William Currie was born in 1913 in Cockpen, a very small village, near to Newtongrange. In 1939 he married and settled in Newtongrange, living with his wife at 41 Eighth Street. When war was declared William was called up and joined the RAF, following his training he was promoted to Leading Aircraftman and sent to 228 Squadron, Coastal Command which flew Short Sunderland flying boats on Convoy protection. In 1942 the Squadron moved to Oban on the west coast of Scotland to patrol the North West approach.
In August, 1942 a mysterious and tragic accident occurred when a Sunderland on a classified mission to Iceland crashed into a mountain in the extreme north of Scotland killing all onboard, bar the rear gunner who was thrown clear on impact inside the tail unit. Amongst the dead was the Duke of Kent, the first member of the Royal Family to die on active service for nearly 500 years.
The reason the aircraft was on it’s way to Iceland has never been revealed and many alternative theories exist including that Rudolf Hess was on board and the aircraft going to Sweden. What ever the reason there was great interest in the accident.
Two weeks later on, the 5th of September, 1942 Sunderland W4032 took off from Oban on a convoy protection mission, onboard were were 10 crew and a journalist Fred NanCarrow from the Glasgow Herald, much has been made of NanCarrow’s presence and some say he was investigating the death of the Duke of Kent. NanCarrow was mad keen on aircraft and had only recently written a book celebrating the work of 602 City of Glasgow Squadron, his family stated he wanted to join the RAF but was rejected as unsuitable.
After several hours at sea the giant flying boat turned around for home, but it became apparent that there was insufficient fuel to make it back to Oban. The Pilot Flying Officer F J Fife of the Royal Canadian Air Force decided there was no other option than to put down in the water, on the face of it not a major problem for a flying boat, and take on more fuel. At 8.40pm the Sunderland set down in Vane Bay but hit a rock which ripped the bottom out of the aircraft causing it to start sinking.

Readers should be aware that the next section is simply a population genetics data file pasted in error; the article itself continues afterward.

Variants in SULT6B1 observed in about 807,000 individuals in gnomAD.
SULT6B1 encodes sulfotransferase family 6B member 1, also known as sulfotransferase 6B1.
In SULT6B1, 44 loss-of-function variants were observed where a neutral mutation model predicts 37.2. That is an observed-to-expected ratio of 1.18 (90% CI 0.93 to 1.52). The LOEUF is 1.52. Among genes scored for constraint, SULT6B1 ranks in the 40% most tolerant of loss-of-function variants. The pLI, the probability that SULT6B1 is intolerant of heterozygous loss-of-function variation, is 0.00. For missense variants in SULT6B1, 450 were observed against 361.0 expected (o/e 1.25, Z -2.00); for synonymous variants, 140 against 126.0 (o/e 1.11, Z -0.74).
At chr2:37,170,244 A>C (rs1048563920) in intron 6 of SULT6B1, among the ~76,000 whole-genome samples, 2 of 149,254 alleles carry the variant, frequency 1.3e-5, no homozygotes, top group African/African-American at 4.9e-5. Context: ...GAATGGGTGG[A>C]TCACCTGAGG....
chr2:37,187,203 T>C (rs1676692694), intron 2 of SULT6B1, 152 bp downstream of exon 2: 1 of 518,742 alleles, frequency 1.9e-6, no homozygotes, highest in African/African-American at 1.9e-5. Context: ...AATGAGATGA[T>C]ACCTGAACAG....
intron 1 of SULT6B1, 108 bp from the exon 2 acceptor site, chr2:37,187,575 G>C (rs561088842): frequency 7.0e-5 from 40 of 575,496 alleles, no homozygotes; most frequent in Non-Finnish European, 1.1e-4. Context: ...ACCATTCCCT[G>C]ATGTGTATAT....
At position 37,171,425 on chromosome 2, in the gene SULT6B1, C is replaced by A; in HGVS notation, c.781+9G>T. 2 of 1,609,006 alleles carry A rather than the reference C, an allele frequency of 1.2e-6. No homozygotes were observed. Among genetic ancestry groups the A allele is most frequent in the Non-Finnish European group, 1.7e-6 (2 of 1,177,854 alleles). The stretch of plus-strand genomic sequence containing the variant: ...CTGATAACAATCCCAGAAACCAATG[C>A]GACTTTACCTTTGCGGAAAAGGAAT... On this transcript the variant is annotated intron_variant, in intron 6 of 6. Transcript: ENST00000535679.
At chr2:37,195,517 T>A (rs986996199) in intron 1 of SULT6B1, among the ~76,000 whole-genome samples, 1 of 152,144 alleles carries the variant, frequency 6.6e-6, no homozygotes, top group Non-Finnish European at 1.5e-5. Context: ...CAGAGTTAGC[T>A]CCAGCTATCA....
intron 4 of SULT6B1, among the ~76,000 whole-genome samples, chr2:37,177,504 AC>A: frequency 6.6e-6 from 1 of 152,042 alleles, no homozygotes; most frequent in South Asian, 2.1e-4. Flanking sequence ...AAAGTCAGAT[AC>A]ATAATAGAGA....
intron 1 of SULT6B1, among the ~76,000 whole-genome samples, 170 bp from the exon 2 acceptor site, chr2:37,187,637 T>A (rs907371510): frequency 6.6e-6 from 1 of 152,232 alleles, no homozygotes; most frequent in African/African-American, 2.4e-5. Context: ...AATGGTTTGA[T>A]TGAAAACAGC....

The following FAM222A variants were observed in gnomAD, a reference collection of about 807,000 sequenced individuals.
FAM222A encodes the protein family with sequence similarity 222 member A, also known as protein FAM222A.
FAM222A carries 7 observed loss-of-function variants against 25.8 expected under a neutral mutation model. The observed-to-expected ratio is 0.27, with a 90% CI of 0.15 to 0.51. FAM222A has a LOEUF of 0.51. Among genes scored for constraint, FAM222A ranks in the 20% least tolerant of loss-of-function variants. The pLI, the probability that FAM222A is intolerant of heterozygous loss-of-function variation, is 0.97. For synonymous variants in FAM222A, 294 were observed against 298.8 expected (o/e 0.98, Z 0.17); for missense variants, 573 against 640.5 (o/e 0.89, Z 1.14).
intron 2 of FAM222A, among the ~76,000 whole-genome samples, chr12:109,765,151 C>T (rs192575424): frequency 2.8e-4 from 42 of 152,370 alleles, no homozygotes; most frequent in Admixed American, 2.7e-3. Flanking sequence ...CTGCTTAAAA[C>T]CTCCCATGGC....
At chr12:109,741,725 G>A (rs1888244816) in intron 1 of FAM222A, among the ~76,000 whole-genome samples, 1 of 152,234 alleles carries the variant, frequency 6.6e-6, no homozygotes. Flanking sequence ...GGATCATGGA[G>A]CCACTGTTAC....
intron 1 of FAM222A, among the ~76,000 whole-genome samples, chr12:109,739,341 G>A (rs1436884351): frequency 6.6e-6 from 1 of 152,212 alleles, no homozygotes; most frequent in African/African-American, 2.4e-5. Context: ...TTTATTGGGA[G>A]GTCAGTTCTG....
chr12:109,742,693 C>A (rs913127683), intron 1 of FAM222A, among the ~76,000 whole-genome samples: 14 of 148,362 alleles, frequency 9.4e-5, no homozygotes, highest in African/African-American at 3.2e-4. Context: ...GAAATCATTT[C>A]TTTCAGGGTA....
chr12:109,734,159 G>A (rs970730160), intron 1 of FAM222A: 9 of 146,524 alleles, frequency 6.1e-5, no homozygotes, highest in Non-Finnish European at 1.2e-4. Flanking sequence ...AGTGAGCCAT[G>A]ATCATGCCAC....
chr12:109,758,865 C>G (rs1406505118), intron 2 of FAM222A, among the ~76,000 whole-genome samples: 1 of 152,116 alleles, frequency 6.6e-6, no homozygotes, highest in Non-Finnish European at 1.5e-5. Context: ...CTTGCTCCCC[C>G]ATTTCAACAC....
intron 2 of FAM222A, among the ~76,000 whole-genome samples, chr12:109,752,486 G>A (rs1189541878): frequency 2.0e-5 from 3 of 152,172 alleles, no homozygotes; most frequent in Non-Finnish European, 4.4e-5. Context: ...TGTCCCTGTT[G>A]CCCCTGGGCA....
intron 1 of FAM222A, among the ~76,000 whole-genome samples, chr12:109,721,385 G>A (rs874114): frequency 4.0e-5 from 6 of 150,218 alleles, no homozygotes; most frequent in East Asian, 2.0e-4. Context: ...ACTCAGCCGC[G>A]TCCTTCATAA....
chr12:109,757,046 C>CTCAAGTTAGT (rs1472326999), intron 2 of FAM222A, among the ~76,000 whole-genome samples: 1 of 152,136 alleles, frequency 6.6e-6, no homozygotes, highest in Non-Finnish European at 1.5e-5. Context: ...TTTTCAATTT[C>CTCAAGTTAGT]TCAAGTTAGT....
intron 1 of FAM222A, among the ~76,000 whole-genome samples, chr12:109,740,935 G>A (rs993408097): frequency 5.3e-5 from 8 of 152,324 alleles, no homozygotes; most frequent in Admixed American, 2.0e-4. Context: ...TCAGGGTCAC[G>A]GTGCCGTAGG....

An SOS signal was sent out and in response the Tobermory lifeboat set out to assist the airmen, however on reaching the last known position of the Sunderland, all that was found was clothing floating on the surface.
A full scale search was launched and an RAF Hudson spotted a dinghy with one man in it off the north coast of Coll. The lifeboat was directed in, however when it got there the only people still alive were Flying Officer M E Russell, the co-pilot and Flight Sgt R B H Scroggs. The Pilot Mr Fife, William Henderson and William Currie were recovered from the water having drowned, the bodies of Charles Castle (Gunner), Victor Ames (Flt Sgt), Kenneth Page (Gunner), Edward Cowan (Radio operator) were recovered later on having died of exposure.
The bodies of Pilot Officer Robert Hicks and Fred NanCarrow were never recovered.
The men are buried the length and breadth of the United Kingdom.
William Currie was buried with full military honours in Newbattle Cemetery.
Although he is remembered on Bonnyrigg war memorial, he is not recorded on Newtongrange War memorial despite living in the village and being married to a woman from Newtongrange. He is another man unfortunately missed out in putting the names on the memorial some 50 odd years after his death.
I feel he is entitled to a place on the memorial.